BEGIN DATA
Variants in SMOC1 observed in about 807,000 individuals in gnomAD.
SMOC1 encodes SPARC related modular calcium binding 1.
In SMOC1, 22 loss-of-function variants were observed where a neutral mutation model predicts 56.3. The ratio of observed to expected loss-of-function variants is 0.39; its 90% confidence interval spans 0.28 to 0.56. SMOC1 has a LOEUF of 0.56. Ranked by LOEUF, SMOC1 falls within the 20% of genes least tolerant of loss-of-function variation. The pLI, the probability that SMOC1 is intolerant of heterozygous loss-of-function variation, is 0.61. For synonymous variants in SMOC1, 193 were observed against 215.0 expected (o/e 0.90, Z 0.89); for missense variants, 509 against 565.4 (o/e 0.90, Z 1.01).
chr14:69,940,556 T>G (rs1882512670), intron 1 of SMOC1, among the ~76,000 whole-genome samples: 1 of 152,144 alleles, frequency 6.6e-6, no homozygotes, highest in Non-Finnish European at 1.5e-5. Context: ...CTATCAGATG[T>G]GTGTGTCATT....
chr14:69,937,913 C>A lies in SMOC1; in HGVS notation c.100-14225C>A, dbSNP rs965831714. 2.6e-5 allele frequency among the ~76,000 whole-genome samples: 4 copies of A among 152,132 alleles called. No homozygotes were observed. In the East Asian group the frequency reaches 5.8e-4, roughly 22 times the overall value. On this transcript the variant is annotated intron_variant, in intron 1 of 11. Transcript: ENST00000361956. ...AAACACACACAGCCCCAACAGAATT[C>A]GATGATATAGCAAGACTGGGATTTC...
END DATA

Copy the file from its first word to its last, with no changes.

Variants in SMOC1 observed in about 807,000 individuals in gnomAD.
SMOC1 encodes SPARC related modular calcium binding 1.
In SMOC1, 22 loss-of-function variants were observed where a neutral mutation model predicts 56.3. The ratio of observed to expected loss-of-function variants is 0.39; its 90% confidence interval spans 0.28 to 0.56. SMOC1 has a LOEUF of 0.56. Ranked by LOEUF, SMOC1 falls within the 20% of genes least tolerant of loss-of-function variation. The pLI, the probability that SMOC1 is intolerant of heterozygous loss-of-function variation, is 0.61. For synonymous variants in SMOC1, 193 were observed against 215.0 expected (o/e 0.90, Z 0.89); for missense variants, 509 against 565.4 (o/e 0.90, Z 1.01).
chr14:69,940,556 T>G (rs1882512670), intron 1 of SMOC1, among the ~76,000 whole-genome samples: 1 of 152,144 alleles, frequency 6.6e-6, no homozygotes, highest in Non-Finnish European at 1.5e-5. Context: ...CTATCAGATG[T>G]GTGTGTCATT....
chr14:69,937,913 C>A lies in SMOC1; in HGVS notation c.100-14225C>A, dbSNP rs965831714. 2.6e-5 allele frequency among the ~76,000 whole-genome samples: 4 copies of A among 152,132 alleles called. No homozygotes were observed. In the East Asian group the frequency reaches 5.8e-4, roughly 22 times the overall value. On this transcript the variant is annotated intron_variant, in intron 1 of 11. Transcript: ENST00000361956. ...AAACACACACAGCCCCAACAGAATT[C>A]GATGATATAGCAAGACTGGGATTTC...